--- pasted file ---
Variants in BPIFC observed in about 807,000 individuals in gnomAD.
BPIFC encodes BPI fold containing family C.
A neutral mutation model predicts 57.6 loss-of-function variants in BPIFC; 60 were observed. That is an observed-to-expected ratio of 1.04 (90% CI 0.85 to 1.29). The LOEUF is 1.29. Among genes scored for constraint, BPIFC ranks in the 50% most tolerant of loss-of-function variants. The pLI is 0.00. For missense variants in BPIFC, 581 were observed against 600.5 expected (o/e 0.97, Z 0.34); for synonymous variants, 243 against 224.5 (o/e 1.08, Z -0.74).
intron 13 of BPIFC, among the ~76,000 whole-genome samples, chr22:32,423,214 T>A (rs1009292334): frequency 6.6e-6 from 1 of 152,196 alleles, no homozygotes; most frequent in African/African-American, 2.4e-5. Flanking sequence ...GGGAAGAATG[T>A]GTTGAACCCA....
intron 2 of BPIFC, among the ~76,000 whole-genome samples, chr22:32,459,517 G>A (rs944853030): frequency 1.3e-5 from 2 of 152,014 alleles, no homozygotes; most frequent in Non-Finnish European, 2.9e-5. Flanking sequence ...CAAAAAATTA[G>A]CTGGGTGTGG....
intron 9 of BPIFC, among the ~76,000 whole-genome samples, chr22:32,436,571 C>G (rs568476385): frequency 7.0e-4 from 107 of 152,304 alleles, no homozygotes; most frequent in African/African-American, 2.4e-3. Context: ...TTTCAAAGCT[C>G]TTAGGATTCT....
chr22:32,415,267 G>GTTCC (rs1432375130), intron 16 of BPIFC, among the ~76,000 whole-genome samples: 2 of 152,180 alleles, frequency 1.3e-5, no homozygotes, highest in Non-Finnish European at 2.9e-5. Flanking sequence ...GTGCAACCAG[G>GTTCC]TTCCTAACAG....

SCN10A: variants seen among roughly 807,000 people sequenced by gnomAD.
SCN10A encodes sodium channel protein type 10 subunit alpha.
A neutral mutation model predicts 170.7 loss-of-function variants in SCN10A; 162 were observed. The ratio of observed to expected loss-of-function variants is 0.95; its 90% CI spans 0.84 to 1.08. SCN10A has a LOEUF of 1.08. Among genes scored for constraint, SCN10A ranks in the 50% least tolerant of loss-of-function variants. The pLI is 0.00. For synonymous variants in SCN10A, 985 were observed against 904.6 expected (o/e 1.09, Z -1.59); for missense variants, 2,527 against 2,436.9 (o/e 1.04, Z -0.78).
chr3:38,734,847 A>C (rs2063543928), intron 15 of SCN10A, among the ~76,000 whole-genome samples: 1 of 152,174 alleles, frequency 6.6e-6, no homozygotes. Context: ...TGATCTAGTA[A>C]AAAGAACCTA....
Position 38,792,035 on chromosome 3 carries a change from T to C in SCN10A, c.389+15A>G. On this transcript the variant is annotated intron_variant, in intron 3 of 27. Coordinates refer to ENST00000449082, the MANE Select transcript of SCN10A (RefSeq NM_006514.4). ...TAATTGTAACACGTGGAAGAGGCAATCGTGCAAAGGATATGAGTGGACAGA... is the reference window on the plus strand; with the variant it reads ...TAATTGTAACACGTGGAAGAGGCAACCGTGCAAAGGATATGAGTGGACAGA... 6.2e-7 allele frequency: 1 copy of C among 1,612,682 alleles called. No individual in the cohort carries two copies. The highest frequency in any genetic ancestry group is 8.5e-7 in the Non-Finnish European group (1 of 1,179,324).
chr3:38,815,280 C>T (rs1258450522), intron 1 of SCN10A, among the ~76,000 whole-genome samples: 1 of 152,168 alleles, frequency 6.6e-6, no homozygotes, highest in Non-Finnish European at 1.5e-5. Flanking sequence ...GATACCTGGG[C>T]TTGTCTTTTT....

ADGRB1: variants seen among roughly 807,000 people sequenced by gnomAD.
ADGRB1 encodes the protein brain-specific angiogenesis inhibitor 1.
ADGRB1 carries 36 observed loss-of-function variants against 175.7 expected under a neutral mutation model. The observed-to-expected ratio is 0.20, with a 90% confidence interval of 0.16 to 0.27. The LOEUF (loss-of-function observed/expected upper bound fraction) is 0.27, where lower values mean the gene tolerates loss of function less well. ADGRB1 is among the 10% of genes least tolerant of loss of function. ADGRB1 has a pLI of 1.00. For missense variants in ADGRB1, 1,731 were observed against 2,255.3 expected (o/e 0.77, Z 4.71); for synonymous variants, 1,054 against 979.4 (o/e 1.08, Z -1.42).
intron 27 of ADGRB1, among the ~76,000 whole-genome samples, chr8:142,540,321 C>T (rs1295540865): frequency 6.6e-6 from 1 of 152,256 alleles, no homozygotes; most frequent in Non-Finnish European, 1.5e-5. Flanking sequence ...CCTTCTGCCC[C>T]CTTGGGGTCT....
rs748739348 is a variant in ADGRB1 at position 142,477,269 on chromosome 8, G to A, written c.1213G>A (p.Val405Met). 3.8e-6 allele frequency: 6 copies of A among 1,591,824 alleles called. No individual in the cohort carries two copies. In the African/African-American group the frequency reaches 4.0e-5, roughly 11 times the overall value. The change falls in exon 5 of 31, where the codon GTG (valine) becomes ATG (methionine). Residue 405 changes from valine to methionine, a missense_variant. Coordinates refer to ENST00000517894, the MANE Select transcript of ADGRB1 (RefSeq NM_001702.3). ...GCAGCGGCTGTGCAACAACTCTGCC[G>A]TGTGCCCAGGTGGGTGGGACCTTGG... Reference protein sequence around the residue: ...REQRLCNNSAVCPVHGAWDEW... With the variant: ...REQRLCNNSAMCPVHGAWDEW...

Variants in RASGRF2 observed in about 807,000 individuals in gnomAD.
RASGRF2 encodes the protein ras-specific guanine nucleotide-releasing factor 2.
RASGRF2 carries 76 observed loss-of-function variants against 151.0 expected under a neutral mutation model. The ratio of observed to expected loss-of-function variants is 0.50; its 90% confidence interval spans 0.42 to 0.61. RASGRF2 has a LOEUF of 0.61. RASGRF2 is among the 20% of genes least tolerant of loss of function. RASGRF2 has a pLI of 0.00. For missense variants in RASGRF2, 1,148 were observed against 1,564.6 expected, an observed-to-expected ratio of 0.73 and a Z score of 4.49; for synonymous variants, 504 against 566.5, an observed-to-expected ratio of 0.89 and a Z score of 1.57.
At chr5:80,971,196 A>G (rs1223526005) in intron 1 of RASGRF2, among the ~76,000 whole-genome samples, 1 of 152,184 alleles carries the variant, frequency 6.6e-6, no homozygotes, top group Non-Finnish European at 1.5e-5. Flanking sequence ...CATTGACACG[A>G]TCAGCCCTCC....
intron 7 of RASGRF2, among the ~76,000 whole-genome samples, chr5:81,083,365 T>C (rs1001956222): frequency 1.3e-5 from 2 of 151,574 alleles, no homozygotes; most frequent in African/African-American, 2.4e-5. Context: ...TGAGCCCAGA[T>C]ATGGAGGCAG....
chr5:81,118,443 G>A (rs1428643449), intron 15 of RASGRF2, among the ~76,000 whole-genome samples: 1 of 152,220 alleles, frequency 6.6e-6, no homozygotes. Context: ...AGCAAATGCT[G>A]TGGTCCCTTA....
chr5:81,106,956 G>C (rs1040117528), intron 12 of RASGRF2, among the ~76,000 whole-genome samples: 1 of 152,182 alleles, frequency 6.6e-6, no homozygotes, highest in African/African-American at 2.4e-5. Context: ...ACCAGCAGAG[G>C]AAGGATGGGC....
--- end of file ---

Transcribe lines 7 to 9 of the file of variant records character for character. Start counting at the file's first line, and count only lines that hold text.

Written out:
chr22:32,415,267 G>GTTCC (rs1432375130), intron 16 of BPIFC, among the ~76,000 whole-genome samples: 2 of 152,180 alleles, frequency 1.3e-5, no homozygotes, highest in Non-Finnish European at 2.9e-5. Flanking sequence ...GTGCAACCAG[G>GTTCC]TTCCTAACAG....

SCN10A: variants seen among roughly 807,000 people sequenced by gnomAD.
SCN10A encodes sodium channel protein type 10 subunit alpha.